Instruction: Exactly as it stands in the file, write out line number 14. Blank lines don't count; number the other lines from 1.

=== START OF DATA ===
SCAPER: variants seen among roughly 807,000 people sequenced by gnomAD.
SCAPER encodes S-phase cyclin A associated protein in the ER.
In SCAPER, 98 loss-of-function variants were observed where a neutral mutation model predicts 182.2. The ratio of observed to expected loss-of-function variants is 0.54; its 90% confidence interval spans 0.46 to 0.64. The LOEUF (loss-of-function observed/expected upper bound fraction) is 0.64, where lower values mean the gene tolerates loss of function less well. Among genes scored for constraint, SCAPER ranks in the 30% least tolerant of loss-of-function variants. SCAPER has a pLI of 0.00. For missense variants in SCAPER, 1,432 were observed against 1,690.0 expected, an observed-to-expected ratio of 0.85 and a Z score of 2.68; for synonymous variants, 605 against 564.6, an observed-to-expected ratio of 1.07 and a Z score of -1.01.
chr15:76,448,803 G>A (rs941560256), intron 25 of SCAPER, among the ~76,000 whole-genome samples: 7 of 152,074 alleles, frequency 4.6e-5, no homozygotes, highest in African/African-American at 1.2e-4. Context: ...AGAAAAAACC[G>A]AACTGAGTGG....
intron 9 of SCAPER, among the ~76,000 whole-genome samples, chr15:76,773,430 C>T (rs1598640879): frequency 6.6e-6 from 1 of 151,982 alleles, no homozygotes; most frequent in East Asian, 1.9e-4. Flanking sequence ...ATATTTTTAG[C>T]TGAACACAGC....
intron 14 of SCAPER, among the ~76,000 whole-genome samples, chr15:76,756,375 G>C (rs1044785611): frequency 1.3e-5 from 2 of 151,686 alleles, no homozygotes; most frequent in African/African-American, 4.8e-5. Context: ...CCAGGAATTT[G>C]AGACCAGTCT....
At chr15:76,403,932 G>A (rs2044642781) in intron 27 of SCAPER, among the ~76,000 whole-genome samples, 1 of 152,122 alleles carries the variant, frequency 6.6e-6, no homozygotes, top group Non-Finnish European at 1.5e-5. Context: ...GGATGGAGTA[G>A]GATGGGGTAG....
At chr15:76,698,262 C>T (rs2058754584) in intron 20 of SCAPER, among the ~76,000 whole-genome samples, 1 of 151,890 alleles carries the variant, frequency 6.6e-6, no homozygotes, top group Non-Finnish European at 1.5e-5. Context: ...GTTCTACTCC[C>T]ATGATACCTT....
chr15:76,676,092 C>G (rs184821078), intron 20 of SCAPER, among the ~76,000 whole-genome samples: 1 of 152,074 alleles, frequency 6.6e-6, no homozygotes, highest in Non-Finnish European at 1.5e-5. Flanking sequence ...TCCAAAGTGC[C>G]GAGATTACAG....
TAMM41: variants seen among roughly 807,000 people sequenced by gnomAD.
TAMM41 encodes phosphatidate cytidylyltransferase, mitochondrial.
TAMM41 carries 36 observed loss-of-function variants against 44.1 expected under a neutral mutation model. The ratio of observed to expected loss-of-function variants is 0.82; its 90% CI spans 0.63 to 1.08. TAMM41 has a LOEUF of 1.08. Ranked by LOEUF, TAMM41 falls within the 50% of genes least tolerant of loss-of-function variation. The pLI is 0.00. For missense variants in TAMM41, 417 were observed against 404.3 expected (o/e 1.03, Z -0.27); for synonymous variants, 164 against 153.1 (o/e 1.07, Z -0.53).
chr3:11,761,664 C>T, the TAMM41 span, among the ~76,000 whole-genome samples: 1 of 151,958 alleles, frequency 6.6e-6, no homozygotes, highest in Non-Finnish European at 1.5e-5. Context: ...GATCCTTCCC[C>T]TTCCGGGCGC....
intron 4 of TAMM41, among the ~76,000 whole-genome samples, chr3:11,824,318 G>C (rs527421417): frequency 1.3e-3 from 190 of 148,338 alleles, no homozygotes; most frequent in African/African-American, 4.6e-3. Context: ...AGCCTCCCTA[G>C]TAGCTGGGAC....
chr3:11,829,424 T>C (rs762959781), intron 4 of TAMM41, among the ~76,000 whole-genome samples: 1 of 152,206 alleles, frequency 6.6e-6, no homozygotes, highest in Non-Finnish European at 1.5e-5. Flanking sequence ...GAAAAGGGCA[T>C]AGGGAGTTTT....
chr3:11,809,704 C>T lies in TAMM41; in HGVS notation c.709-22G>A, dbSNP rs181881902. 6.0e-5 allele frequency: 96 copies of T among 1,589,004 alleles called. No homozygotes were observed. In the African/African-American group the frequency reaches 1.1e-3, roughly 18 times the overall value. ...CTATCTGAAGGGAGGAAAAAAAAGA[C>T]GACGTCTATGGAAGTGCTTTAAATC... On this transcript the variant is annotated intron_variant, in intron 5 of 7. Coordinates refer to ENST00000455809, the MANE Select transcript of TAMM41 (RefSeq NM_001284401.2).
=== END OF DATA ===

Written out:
intron 4 of TAMM41, among the ~76,000 whole-genome samples, chr3:11,824,318 G>C (rs527421417): frequency 1.3e-3 from 190 of 148,338 alleles, no homozygotes; most frequent in African/African-American, 4.6e-3. Context: ...AGCCTCCCTA[G>C]TAGCTGGGAC....